Column: From the Hill -- Columbia River Treaty issues
Last week I spent three days in Spokane at the Pacific Northwest Economic Region meetings. Over 600 legislators, business people, and other interested folks from BC, Washington, Oregon, Idaho, Montana, Alaska, Alberta, Saskatchewan, the Yukon and Northwest Territories gathered to talk about issues important to this region.
In these days of Trumpian bullying and bluster, it was so refreshing and encouraging to have face-to-face conversations with American legislators and policy experts. We need to establish and maintain these personal and respectful relationships with our American counterparts to ensure that our countries can get along and enjoy mutual prosperity.
There were sessions on NAFTA, energy, forestry, tourism, agriculture, infrastructure, carbon policy and more. But the subject that drew the most interest was the Columbia River Treaty.
Canada and the USA are beginning to negotiate a modern Treaty to update the present agreement that came into effect in 1964. Chief negotiators Sylvain Fabi of Canada and Jill Smail of the USA outlined the high-level aims of each country at the Spokane meeting, but more interesting were the presentations given by a multitude of interested groups.
Under the present treaty Canada provides water storage on the Columbia River for flood control and hydroelectric power generation in the USA. In return, the US returns half of the estimated benefit of the treaty dams—a payment called the Canadian Entitlement that is delivered in the form of electricity. The treaty has benefited both countries, but there are several critical issues that were ignored when it was negotiated through the 1950s.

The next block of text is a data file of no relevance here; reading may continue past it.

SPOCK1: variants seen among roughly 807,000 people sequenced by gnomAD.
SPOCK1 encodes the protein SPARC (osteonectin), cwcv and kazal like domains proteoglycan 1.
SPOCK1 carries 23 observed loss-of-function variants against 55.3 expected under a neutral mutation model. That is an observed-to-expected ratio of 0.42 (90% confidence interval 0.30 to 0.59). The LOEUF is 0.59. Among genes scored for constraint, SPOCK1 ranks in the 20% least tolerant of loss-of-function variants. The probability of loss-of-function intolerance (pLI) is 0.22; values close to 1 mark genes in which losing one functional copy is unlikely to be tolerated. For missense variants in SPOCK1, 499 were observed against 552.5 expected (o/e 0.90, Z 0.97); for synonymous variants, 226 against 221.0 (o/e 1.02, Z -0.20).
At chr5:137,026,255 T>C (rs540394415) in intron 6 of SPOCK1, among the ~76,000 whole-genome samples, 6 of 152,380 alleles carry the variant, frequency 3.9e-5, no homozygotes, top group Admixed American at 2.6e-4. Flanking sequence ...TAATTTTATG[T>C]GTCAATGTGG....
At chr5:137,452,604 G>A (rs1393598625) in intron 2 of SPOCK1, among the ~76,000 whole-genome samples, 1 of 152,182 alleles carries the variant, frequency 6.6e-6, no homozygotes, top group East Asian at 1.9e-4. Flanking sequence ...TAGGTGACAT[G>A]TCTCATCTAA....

First Nations were not consulted or even considered in the original treaty, and environmental benefits and losses were not taken into account. Both these issues must be addressed in the new treaty, which intersect in the movement to bring salmon back to the upper Columbia.
Groups in the US want irrigation and compensation for the Libby Dam included. American interests also want a significant reduction in the Canadian Entitlement because of changes in the price of power and unforeseen constraints on power production in the US, especially those to protect fish populations.
During an afternoon trip to the Grand Coulee Dam we saw the huge water diversion project that irrigates much of central Washington through water pumped up from the dam. Irrigation was really the main reason the dam was built, and it is still operated by the Bureau of Reclamation.
The dam and irrigation project were built in 1941, before the original treaty was even envisioned, and future increases in irrigation water removals could conceivably be dealt with through domestic agreements outside the Treaty. Similarly, compensation for the impact of the Libby Dam on Montana residents could be provided by governments south of the border in much the same way that BC compensates Kootenay communities for the effects of valleys flooded in Canada.
This is done through the Columbia Basin Trust, created in the 1990s by the BC government and funded by energy sales from dams in the Kootenay region. It has nothing to do with the Canadian Entitlement, which is generated from energy sales at US dams.
On Thursday and Friday, I helped lead a bus tour of the Canadian side of the Columbia River Treaty. We viewed the Keenleyside Dam at Castlegar and at Nakusp heard from residents who lost family farms in 1968 as the water rose. Mayor Karen Hamling pointed out the difficulties caused by fluctuating water levels and asked the legislators to consider keeping the Arrow Lakes at a more constant level under a new treaty.
The bus tour was a great way for legislators and policy makers to spend two days of quality time to develop the cross-border relationships that will be so important in years to come. US-Canada affairs are critical to both countries, and these ties will serve us well as we deal with NAFTA, softwood lumber, and the many other thorny issues that face us.